Memory, indeed, has many uses: "Democracy is not strange for our people. Before 1962 we had many experiences with democracy and democratic government. So we are ready. But we have to make it" -- he searches for the right word -- "sustainable."
That's precisely the challenge. Burma's rulers -- most of them, at least -- understand that the cost of maintaining absolute power can only be extremely high. "They can control the military, they can control the parliament, but they cannot control the public," says Zarganar. But that's not the whole story.
The leaders are also aware of the desire for revenge harbored by many of their own citizens, and that fear compels them to tread cautiously. For all the progress that Burma has made within the past few months, many of the most repressive laws of the old regime remain on the books. "They let me out of prison but my sentence remains in effect," Zarganar says. "I still have 31 years and four months to go. If I'm arrested again, I'll have to serve the rest." Under current law, you can still receive decades of jail time for reading or writing an email deemed to be subversive by the government.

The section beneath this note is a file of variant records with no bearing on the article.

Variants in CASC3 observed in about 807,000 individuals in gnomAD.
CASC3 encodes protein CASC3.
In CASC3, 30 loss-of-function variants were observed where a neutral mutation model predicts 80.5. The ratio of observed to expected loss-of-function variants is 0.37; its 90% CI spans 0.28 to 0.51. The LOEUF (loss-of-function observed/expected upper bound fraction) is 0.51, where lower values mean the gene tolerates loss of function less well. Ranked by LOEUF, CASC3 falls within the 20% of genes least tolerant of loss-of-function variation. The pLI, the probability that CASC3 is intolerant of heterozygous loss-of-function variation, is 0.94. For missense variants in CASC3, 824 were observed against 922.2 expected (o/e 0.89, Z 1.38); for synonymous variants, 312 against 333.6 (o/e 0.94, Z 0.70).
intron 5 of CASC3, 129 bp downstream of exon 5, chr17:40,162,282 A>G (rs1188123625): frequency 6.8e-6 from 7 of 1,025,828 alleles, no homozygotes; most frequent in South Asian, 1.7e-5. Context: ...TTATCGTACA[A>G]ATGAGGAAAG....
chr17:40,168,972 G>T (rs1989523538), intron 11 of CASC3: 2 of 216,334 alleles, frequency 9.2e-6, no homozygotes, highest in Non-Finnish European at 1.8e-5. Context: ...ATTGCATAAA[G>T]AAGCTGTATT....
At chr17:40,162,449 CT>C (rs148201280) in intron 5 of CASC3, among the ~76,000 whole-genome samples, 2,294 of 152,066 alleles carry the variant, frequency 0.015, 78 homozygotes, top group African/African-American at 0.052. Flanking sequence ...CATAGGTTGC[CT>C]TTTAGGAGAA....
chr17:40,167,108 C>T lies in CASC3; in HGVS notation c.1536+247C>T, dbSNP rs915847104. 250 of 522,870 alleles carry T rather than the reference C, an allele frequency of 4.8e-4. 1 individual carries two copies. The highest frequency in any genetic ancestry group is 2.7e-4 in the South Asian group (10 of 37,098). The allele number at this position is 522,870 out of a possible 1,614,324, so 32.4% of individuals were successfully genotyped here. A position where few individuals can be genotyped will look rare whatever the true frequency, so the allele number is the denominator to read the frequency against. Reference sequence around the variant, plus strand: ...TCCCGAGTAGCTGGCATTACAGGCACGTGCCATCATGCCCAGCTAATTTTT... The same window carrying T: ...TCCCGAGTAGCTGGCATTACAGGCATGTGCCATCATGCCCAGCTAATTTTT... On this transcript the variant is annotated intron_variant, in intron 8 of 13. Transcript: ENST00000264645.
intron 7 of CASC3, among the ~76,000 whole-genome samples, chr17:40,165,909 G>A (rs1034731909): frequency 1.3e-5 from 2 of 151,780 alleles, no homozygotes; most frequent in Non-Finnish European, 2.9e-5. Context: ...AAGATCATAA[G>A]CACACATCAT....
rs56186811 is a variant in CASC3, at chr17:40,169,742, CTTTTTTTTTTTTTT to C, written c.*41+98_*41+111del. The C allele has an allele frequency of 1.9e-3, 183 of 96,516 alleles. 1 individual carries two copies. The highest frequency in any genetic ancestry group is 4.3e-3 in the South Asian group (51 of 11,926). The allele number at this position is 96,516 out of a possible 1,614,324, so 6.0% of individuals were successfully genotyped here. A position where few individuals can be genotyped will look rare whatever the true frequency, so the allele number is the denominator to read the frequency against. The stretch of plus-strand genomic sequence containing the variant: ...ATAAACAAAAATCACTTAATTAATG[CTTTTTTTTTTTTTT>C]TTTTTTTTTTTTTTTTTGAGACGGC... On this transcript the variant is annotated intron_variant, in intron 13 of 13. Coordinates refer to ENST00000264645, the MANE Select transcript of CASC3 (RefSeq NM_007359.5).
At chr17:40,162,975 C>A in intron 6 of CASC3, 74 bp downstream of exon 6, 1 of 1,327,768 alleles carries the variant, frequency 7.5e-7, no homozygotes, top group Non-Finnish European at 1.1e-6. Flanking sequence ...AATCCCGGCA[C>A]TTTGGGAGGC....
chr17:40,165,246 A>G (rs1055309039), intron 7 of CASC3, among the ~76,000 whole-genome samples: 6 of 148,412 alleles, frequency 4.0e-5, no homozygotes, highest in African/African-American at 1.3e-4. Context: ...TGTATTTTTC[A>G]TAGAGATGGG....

Zarganar prefers to look forward. He wants to see a Burma that respects both the economic interests and cultural identities of the ethnic minorities. He wants to see a country that allows its own people to prepare themselves for active participation in the global community. And though he declines to join a political party for the moment, he does not rule out the possibility of one day running for political office. If all goes well, he says, Burma could achieve the status of a full-fledged democracy by the year 2020.
That seems optimistic. But if this man can summon up optimism, surely the rest of us can.